Salvador Mazza

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Salvador Mazza

Salvador Mazza (June 6, 1886 – November 9, 1946) was a noted Argentine physician and epidemiologist, best known for his strides in helping control American trypanosomiasisan endemic disease among the rural, poor majority of early 20th century South America.[1]

Life and work[edit]

Early career[edit]

Mazza was born in Rauch, a small pampas town, to Francesco Mazza and Giuseppa Alfise (both immigrants from Sicily), in 1886. A precocious student, Mazza was accepted into the prestigious, public college preparatory school, the Colegio Nacional de Buenos Aires, at age ten. Upon graduation he applied for enlistment in the Argentine Naval Academy; but was rejected on medical grounds. He enrolled, instead, at the University of Buenos Aires (UBA) School of Medicine, graduating in 1903.[2]

During his graduate studies, he accepted a post as Health Inspector for the then-rural Province of Buenos Aires, where he focused on disease prevention and vaccination. Following his 1903 graduation, he specialized in microbiology and pathology. He organized and briefly directed the quarantine facility for cholera-stricken seafarers and immigrants on Martín García Island, and then performed his medical residency in a number of European hospitals before earning his degree of Doctor of Medicine and returning to Argentina, in 1910. He then met a fellow Italian Argentine, Clorinda Brígida Razori, and they married in 1914—creating a lasting professional partnership, as well as marriage.[2]

The onset of World War I returned Mazza to Europe, where he was commissioned in 1916 by the Argentine Army to study the crisis of infectious disease in the German and Austro-Hungarian Empires. There, he befriended a well-known Brazilian epidemiologist, Carlos Chagas, who in 1909 had discovered American trypanosomiasis. Mazza was named Laboratories Director of the Clinical Hospital and Dean of the Bacteriology Course at the UBA, in 1920. Traveling to France in 1923, he and his wife accepted noted bacteriologist Charles Nicolle's invitation to the Pasteur Institute's Algiers branch, where they studied Dr. Nicolle's methods in the treatment of typhus (Nicolle was later awarded the Nobel Prize in Medicine for his efforts). Returning to Argentina in 1925, Mazza was given a prominent post in the UBA Surgical Clinic and shortly afterwards invited Nicolle to Buenos Aires, where they discussed the need for more vigorous action against the contagious diseases affecting the country's poor.[2]

Struggle against disease and indifference[edit]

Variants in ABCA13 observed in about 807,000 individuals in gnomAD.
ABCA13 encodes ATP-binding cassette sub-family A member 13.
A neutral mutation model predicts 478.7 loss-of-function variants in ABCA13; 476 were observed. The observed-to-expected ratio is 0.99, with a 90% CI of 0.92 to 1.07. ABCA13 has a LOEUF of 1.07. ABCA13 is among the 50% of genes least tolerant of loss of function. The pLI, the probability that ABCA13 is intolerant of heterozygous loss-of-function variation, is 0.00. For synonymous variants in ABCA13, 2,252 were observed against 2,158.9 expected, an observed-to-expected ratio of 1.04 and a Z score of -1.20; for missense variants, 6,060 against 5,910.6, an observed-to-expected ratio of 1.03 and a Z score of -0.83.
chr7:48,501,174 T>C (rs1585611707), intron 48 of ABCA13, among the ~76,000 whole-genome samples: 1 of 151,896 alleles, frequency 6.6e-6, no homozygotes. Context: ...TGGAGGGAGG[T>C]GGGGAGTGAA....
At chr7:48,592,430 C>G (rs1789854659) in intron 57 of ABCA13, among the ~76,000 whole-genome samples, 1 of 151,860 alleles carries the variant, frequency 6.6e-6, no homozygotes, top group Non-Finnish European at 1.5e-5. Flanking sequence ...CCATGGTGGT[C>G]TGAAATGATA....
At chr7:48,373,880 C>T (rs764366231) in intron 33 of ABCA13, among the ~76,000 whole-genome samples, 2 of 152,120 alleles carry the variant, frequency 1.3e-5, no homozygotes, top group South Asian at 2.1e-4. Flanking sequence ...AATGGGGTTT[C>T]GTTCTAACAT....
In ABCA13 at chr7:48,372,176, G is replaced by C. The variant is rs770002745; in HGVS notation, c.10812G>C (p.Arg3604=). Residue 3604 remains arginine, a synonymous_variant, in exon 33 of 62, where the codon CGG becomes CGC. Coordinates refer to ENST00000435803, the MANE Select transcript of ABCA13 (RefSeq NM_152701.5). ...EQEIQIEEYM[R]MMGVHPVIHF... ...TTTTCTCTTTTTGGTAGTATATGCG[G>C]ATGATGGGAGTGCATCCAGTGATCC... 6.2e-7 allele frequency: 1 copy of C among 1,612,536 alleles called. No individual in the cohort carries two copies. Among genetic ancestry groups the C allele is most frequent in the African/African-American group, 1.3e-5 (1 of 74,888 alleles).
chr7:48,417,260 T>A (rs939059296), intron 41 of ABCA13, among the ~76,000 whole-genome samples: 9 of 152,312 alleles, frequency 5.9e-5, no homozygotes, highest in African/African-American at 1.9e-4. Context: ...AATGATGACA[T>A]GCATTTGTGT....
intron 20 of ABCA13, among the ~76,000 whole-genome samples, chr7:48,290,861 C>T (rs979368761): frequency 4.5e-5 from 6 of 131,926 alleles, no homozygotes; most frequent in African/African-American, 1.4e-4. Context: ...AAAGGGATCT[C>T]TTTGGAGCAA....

These discussions resulted in support from the school's Dean of Anatomy, Dr. José Arce, for the establishment of a medical mission in Argentina's underdeveloped north. The Regional Pathologies Study Mission (MEPRA) was established in then-feudal Jujuy Province, in February 1926. Installed in a railway car, Mazza laboratory undertook studies on trypanosomiasis and leishmaniasis, among other diseases. Publishing regular reports, the mobile lab traveled from village to village to not only inform the then-mostly illiterate population of the nature of their common diseases; but also to help control the known disease vector triatoma infestans, a beetle known locally as the vinchuca. The death of a symptomatic dog in 1926 ultimately led to Mazza's confirmation of the existence of the causal pathogen,trypanosoma cruzi, in Argentina, in 1927.[2]

Mazza established Scientific Societies in seven northern provinces in 1926-27 to help coordinate his studies and diffuse information. He was assisted by, among others, Dr. Guillermo Paterson, an English Argentine epidemiologist known for his work on malaria. His efforts, however, encountered indifference and, then, resistance from the area's landed gentry, who generally saw squalor and contagious disease as an externality, and feared that Mazza's efforts might trigger a peasant revolt. His campaign to incinerate rural thatched roofs, a habitat for vinchucas, was particularly controversial. A fascist, 1930 coup d'état against the aging President Hipólito Yrigoyen, moreover, led to the elimination of funding for the MEPRA the following year, after which Mazza maintained the facility with donations and his own funds. His efforts forced the South American medical community to accept the validity of trypanosomiasis (making it the special topic of the prestigious VI National Congress of Medicine, in 1939), and yielded the first detailed description of the dynamic between living conditions, trypanosomiasis, and its insect vector.[1]

A letter in 1942 to the renowned Scottish scientist, Dr. Alexander Fleming, led to his cooperation in the 1943 establishment of the first Argentine penicillin manufacturer - despite ongoing government refusal of support. The struggling MEPRA had, by 1944, published 551 articles in peer-reviewed journals (including 482 by Mazza, himself). He was then invited to the First International Brucellosis Congress, in Monterrey, Mexico, in November 1946.[3]

On November 9, 1946, Dr. Salvador Mazza suffered a sudden, severe attack of hypotension, which resulted in his death at age 60. His death was the likely result of trypanosomiasis, the disease he had largely succeeded in controlling in Argentina.[3]

MEPRA remained in operation until persistent budget cuts forced the closure of its last laboratory, a two-room facility in the La Paternal section of Buenos Aires, in 1959.[3] The story was dramatized for the Argentine cinema in 1995 by Juan Bautista Stagnaro's Casas de fuego ("Houses of Fire"), in which the renowned epidemiologist was portrayed by Miguel Ángel Solá.[4]

References[edit]